Thank you for your advice anyway Wink
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nomad soul



Joined: 31 Jan 2010
Posts: 10955
Location: The real world

PostPosted: Mon Sep 11, 2017 2:06 pm    Post subject: Reply with quote

Isa121090 wrote:
While I understand it might be easier for me to teach Spanish, I do find it quite unfair as I'm competent enough to teach English and I truly enjoy doing it. It really is what I want to do and that's why I've undertaken my CELTA and I'm trying so hard to find a job in an industry where there should be opportunities for non-native speakers too.

Your frustration is shared by many non-native English speakers trying to get TEFL work outside their home countries. However, governments set rules and employers have requirements. There's no "should be" in this industry.

Have you looked into teaching English in Mexico, Central America, or South America? I suggest heading to those forums if you're open to those regions.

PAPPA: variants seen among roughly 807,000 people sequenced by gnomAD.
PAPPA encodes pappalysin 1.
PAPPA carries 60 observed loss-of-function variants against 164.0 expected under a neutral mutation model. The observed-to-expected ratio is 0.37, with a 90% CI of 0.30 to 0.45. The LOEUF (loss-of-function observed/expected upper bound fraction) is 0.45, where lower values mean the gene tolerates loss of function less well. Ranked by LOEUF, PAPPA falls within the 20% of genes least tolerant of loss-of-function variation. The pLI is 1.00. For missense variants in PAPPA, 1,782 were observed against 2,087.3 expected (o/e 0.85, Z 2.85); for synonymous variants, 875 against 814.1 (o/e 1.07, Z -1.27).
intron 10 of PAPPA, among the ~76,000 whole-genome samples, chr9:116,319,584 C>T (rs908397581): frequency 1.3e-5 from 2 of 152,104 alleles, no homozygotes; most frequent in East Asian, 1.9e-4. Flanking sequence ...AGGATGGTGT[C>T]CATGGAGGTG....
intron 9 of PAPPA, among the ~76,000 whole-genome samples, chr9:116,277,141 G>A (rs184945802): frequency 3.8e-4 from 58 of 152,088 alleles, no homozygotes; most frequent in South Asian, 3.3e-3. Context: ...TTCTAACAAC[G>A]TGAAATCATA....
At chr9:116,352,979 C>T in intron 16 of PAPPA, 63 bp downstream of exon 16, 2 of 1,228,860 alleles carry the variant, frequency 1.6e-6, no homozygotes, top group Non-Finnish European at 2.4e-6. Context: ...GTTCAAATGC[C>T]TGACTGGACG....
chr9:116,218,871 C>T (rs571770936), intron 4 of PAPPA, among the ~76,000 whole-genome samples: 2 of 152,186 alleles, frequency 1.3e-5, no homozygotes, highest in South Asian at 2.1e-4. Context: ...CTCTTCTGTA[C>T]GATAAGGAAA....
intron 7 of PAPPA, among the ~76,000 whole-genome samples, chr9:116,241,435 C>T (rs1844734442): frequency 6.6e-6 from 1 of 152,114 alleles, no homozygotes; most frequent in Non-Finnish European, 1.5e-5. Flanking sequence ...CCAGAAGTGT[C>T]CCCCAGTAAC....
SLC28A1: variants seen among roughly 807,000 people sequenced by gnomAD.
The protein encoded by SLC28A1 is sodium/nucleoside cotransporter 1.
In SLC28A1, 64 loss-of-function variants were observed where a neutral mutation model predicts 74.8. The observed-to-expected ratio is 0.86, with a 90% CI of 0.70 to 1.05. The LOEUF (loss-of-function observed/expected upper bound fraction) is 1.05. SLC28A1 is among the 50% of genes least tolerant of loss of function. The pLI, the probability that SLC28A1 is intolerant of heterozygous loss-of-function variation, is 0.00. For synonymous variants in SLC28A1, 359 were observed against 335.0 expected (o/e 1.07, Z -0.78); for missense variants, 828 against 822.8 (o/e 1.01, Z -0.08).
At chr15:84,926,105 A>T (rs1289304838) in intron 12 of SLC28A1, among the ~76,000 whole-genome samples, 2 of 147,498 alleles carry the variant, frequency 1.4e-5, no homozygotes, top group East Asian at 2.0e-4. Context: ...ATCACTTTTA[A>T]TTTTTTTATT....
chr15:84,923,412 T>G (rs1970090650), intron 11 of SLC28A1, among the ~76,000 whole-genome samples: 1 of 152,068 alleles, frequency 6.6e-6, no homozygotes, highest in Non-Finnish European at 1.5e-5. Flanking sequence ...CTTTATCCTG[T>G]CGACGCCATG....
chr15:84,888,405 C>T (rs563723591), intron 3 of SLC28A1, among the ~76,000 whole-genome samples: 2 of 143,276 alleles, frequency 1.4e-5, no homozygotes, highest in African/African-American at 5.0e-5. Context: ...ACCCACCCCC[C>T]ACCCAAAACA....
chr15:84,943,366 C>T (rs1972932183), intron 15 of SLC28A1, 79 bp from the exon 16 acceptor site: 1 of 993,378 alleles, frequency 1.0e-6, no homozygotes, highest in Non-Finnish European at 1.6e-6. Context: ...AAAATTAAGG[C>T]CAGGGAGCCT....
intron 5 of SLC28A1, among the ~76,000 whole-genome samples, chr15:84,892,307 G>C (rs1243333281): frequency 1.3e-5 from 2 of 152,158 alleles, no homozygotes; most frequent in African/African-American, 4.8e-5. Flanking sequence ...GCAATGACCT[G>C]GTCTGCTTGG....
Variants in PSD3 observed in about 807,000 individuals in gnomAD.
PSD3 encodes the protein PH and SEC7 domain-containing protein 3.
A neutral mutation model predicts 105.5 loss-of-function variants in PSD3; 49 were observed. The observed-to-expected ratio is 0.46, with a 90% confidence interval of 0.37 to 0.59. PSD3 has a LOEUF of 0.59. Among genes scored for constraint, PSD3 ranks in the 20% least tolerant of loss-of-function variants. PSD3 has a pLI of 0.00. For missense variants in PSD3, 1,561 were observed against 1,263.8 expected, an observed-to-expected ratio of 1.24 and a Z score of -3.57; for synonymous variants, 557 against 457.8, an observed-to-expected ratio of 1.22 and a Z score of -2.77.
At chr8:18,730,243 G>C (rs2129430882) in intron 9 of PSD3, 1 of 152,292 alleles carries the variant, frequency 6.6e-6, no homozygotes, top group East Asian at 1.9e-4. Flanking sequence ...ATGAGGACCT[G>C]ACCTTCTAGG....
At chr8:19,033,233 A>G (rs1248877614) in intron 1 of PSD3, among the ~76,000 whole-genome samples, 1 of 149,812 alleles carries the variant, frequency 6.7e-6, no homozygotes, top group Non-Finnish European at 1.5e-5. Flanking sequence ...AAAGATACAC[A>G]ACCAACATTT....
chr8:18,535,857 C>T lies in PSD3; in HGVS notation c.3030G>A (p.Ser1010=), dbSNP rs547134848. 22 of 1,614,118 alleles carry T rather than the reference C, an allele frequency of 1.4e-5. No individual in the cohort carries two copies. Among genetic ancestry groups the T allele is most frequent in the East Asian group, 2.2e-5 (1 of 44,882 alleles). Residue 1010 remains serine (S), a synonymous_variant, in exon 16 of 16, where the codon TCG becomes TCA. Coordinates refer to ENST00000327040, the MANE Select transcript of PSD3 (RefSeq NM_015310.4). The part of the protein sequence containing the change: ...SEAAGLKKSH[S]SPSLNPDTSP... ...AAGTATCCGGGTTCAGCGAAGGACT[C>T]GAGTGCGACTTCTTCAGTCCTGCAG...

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bograt



Joined: 12 Nov 2014
Posts: 313

PostPosted: Tue Sep 12, 2017 12:35 am    Post subject: Reply with quote

Yes there are. I used to work at the British Council in Hk and they had 11 different nationalities working there. Russians, Ukranians, an Italian I think. Obviously local laws allow it.
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Kowloon



Joined: 11 Jan 2016
Posts: 120

PostPosted: Tue Sep 12, 2017 5:38 am    Post subject: Reply with quote

Yeah HK is more enlightened than most when it comes to this. The British Council is your best bet I think. Huge centres with dozens and dozens of teachers, they often drop the 'post CELTA two years exp." down to 1 year. Very rare to see them do that elsewhere.